Typically, the Rooker-Feldman doctrine bars federal courts from exercising subject-matter jurisdiction over a proceeding in which a party losing in state court seeks what in substance would be appellate review of the state judgment in a United States district court, based on the losing party's claim that the state judgment itself violates the losers' federal rights.

Doe v. Mann, 415 F.3d 1038, 1041-42 (9th Cir. 2005); see also Exxon Mobil Corp. v. Saudi Basic Indus. Corp., 544 U.S. 280, 284 (2005) (the Rooker-Feldman doctrine precludes a district court from appellate review of "cases brought by state-court losers complaining of injuries caused by state-court judgments rendered before the district court proceeding commenced..."). Accordingly, the district court lacks jurisdiction over "claims... inextricably intertwined' with the state court's decision such that the adjudication of the federal claims would undercut the state ruling." Bianchi v. Rylaarsdam, 334 F.3d 895, 898 (9th Cir. 2003) (citing Feldman, 460 U.S. at 483, 485)).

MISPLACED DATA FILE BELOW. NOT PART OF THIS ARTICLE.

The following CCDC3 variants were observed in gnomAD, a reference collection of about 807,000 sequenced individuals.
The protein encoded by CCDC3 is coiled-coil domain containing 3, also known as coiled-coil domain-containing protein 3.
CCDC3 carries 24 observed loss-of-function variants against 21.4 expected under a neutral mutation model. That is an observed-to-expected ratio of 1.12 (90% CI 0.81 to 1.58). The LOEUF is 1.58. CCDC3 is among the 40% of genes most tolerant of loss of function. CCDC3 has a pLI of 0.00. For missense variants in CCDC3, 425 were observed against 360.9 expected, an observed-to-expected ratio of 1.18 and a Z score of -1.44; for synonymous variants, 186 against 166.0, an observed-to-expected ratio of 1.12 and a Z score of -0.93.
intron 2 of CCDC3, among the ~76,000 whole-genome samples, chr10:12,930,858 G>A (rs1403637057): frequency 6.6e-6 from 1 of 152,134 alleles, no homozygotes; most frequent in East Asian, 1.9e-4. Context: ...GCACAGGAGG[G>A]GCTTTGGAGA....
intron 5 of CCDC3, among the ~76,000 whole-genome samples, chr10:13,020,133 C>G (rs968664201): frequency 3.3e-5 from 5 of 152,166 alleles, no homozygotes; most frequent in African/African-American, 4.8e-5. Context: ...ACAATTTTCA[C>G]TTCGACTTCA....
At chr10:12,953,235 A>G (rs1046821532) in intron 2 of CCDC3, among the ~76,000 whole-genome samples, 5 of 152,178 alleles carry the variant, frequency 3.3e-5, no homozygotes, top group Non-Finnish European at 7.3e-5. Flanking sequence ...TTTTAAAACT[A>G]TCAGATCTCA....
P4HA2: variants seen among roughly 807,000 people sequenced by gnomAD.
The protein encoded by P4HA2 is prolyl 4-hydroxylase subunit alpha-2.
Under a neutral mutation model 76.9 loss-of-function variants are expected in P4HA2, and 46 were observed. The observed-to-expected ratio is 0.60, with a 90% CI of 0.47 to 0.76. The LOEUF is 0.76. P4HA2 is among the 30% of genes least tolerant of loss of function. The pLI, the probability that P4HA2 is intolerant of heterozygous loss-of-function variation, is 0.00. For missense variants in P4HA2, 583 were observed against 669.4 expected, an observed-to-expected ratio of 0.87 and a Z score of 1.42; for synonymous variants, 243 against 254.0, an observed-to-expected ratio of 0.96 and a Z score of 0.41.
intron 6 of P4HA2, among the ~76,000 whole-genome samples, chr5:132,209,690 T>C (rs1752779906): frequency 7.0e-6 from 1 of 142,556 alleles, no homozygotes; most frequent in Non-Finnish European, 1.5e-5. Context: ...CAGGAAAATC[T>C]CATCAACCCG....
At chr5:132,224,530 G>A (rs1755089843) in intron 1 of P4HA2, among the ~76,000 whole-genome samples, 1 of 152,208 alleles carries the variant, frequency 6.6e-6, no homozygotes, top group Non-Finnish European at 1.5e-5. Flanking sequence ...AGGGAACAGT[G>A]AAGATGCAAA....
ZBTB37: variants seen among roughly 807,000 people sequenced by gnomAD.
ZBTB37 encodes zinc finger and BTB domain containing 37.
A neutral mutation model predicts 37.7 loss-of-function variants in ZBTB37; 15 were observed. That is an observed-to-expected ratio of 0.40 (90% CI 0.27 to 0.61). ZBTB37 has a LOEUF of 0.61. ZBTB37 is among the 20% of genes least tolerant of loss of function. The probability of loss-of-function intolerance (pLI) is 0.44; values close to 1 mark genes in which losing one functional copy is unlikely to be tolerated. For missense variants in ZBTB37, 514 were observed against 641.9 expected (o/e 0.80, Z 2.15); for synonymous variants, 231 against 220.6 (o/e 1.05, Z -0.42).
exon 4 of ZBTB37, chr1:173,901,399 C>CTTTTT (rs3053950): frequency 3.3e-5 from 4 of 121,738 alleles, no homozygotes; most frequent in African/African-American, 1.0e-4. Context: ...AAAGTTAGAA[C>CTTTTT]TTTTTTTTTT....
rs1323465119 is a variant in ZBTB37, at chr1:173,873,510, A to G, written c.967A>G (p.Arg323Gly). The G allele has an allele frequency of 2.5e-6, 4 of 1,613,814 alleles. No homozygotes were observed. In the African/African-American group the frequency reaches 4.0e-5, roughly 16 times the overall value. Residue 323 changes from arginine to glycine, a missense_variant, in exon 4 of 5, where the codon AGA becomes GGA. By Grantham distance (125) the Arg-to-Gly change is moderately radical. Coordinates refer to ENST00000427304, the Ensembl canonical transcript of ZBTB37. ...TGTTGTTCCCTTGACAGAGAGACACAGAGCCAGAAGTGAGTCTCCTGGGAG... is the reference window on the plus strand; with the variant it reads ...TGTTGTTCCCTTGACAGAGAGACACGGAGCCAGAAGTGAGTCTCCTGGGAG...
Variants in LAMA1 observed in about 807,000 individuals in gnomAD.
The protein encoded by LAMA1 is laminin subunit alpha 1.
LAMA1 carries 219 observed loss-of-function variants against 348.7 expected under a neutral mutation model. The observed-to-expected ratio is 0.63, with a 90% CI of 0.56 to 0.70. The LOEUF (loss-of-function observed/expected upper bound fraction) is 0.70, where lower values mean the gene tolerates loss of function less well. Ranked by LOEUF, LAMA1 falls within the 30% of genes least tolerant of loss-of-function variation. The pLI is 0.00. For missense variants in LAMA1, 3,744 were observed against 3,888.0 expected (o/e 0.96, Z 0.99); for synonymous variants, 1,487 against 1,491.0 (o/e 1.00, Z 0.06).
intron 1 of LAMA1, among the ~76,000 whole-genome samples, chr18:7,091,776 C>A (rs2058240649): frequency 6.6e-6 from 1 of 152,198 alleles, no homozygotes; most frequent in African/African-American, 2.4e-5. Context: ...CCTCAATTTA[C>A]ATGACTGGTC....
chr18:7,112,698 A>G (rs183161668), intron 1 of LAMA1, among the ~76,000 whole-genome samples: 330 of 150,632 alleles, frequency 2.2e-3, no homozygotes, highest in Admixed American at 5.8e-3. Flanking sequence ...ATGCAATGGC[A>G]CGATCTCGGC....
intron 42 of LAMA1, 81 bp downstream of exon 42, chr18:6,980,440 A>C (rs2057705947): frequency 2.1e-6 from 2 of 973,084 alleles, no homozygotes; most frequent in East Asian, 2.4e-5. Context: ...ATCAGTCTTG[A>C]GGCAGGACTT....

Here, the state court docket indicates that the court has determined judgment should be entered against Defendant, and Plaintiff's counsel was ordered "to prepare judgment for signature" on March 23, 2015. Thus, it appears the Rooker-Feldman bars this court from review of the arguments presented by Defendant in the Notice of Removal. Moreover, given the posture of the case, it appears the attempted removal of this action was designed only to thwart the state court judgment and to delay process; this is improper.